Chinese units of the “big four” accounting firms were suspended from auditing U.S.-listed companies for six months. The judge’s ruling Wednesday follows a lengthy dispute over the companies’ refusal to furnish their audit papers and documents to the SEC.
The SEC’s Administrative Law Judge Cameron Elliot censured the Chinese affiliates of KPMG, Deloitte & Touche, PricewaterhouseCoopers and Ernst & Young in a ruling that follows December proceedings on the matter.
In his ruling, Judge Elliot said the four companies ‘willfully’ failed to give U.S. regulators the audit work papers of certain Chinese companies — U.S. issuers with securities registered with the SEC — under investigation for accounting fraud.
Auditors operating in China have refused to hand over such documents in the past, citing their fear of violating Chinese secrecy laws. They say that this is up to Washington and Beijing to resolve.
The ruling does not go into direct effect, so U.S.-listed companies in China relying on these firms to review their 2013 books will not be affected. If the companies fail to win on appeal, however, proceedings on the matter could last years, forcing these firms to find new auditors.
In this case, the SEC noted that after strained negotiations with Chinese regulators for years, the agency decided to pursue sanctions against the firms themselves. Although Judge Elliot decided not to impose a permanent bar on the auditors as the SEC requested, he said he had ‘little sympathy’ for them.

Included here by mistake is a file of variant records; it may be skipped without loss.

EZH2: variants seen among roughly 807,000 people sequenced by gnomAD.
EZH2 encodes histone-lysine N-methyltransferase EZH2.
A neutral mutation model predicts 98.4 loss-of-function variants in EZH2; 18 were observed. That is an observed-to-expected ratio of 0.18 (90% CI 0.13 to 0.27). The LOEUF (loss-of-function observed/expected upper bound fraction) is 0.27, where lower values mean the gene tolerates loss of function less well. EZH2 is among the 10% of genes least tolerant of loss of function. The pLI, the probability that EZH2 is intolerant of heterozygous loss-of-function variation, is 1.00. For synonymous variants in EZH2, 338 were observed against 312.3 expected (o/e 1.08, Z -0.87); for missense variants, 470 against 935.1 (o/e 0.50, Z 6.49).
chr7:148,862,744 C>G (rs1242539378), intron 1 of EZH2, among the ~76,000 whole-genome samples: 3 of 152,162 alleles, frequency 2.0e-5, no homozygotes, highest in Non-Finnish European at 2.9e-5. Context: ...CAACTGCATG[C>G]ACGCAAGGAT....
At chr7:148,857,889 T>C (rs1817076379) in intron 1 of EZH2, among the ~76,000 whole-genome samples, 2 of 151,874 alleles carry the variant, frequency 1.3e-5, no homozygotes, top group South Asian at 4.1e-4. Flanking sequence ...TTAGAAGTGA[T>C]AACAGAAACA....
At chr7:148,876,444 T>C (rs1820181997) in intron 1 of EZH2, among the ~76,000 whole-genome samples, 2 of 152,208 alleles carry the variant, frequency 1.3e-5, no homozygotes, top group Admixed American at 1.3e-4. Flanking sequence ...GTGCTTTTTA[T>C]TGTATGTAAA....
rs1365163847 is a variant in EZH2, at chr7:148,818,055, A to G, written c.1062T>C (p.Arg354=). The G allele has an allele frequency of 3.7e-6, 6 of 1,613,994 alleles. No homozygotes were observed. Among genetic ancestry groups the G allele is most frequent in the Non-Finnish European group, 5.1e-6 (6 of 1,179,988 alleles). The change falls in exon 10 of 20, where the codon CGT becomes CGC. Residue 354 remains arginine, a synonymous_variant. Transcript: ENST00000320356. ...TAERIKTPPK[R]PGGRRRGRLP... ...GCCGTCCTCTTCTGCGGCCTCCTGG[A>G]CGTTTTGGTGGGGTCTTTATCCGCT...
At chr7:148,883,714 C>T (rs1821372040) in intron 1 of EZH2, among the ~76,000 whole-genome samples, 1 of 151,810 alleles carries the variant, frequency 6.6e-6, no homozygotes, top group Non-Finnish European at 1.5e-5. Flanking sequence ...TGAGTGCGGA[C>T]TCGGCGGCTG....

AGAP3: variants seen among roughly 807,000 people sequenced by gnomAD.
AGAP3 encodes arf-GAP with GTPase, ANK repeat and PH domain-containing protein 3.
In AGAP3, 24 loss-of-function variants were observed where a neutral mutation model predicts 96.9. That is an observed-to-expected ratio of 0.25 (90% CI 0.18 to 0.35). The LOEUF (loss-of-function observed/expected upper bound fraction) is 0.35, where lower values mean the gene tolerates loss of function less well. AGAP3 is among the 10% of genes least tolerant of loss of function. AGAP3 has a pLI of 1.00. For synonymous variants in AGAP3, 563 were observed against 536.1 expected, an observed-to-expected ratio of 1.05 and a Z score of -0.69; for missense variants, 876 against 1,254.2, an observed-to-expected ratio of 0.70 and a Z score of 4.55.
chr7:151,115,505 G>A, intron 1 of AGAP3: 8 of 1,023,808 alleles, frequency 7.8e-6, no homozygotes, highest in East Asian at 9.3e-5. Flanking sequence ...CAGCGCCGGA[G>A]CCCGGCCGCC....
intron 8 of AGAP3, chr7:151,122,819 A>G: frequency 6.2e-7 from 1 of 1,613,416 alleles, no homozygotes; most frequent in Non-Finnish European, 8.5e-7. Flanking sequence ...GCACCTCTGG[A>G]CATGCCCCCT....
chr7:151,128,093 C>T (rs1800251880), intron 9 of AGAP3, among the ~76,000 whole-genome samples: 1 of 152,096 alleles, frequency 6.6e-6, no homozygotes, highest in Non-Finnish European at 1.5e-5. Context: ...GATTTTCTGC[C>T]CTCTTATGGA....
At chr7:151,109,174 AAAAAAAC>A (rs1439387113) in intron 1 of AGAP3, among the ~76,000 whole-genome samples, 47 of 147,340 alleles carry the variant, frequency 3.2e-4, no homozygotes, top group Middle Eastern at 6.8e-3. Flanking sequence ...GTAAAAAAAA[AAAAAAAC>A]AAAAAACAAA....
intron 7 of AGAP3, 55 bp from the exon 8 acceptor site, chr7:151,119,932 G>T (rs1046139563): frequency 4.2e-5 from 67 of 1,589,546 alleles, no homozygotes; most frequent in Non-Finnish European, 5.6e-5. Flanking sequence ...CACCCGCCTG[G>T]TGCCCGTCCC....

‘Respondents operated large accounting businesses for years, knowing that, if called upon to cooperate in a Commission investigation into their business, they must necessarily fail to fully cooperate and might thereby violate the law,’ he said.
He called their behavior an example of bad faith, but also expressed hope that the SEC and the China Securities Regulatory Commission would engage with one another on this matter soon.
Julie DiMauro is the executive editor of FCPA Blog and can be reached here.